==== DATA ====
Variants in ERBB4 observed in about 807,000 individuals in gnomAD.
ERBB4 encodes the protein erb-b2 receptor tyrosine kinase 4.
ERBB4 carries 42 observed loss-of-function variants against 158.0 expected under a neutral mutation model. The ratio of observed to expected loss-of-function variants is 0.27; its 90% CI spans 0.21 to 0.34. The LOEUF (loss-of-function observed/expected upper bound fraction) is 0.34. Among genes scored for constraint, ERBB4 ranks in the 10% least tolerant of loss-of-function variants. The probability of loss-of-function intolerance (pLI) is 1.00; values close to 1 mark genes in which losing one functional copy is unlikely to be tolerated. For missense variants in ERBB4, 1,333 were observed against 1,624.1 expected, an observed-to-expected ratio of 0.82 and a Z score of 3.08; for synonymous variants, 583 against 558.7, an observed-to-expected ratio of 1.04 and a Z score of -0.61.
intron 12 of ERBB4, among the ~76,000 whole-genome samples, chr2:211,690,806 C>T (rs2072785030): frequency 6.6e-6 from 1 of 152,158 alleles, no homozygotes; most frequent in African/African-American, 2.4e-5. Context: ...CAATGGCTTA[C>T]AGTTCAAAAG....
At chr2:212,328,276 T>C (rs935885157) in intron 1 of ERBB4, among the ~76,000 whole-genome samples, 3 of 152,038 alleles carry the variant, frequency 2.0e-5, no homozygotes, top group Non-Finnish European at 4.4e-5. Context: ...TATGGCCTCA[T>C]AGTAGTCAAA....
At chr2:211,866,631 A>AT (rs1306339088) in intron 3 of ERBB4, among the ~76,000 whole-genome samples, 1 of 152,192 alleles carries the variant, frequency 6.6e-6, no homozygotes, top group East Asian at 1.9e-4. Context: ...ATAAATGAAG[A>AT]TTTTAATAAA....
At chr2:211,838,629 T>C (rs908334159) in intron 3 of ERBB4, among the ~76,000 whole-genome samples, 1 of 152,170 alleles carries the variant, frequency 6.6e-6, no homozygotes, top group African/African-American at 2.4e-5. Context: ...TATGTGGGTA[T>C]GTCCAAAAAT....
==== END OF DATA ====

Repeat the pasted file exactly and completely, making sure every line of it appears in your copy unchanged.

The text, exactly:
Variants in ERBB4 observed in about 807,000 individuals in gnomAD.
ERBB4 encodes the protein erb-b2 receptor tyrosine kinase 4.
ERBB4 carries 42 observed loss-of-function variants against 158.0 expected under a neutral mutation model. The ratio of observed to expected loss-of-function variants is 0.27; its 90% CI spans 0.21 to 0.34. The LOEUF (loss-of-function observed/expected upper bound fraction) is 0.34. Among genes scored for constraint, ERBB4 ranks in the 10% least tolerant of loss-of-function variants. The probability of loss-of-function intolerance (pLI) is 1.00; values close to 1 mark genes in which losing one functional copy is unlikely to be tolerated. For missense variants in ERBB4, 1,333 were observed against 1,624.1 expected, an observed-to-expected ratio of 0.82 and a Z score of 3.08; for synonymous variants, 583 against 558.7, an observed-to-expected ratio of 1.04 and a Z score of -0.61.
intron 12 of ERBB4, among the ~76,000 whole-genome samples, chr2:211,690,806 C>T (rs2072785030): frequency 6.6e-6 from 1 of 152,158 alleles, no homozygotes; most frequent in African/African-American, 2.4e-5. Context: ...CAATGGCTTA[C>T]AGTTCAAAAG....
At chr2:212,328,276 T>C (rs935885157) in intron 1 of ERBB4, among the ~76,000 whole-genome samples, 3 of 152,038 alleles carry the variant, frequency 2.0e-5, no homozygotes, top group Non-Finnish European at 4.4e-5. Context: ...TATGGCCTCA[T>C]AGTAGTCAAA....
At chr2:211,866,631 A>AT (rs1306339088) in intron 3 of ERBB4, among the ~76,000 whole-genome samples, 1 of 152,192 alleles carries the variant, frequency 6.6e-6, no homozygotes, top group East Asian at 1.9e-4. Context: ...ATAAATGAAG[A>AT]TTTTAATAAA....
At chr2:211,838,629 T>C (rs908334159) in intron 3 of ERBB4, among the ~76,000 whole-genome samples, 1 of 152,170 alleles carries the variant, frequency 6.6e-6, no homozygotes, top group African/African-American at 2.4e-5. Context: ...TATGTGGGTA[T>C]GTCCAAAAAT....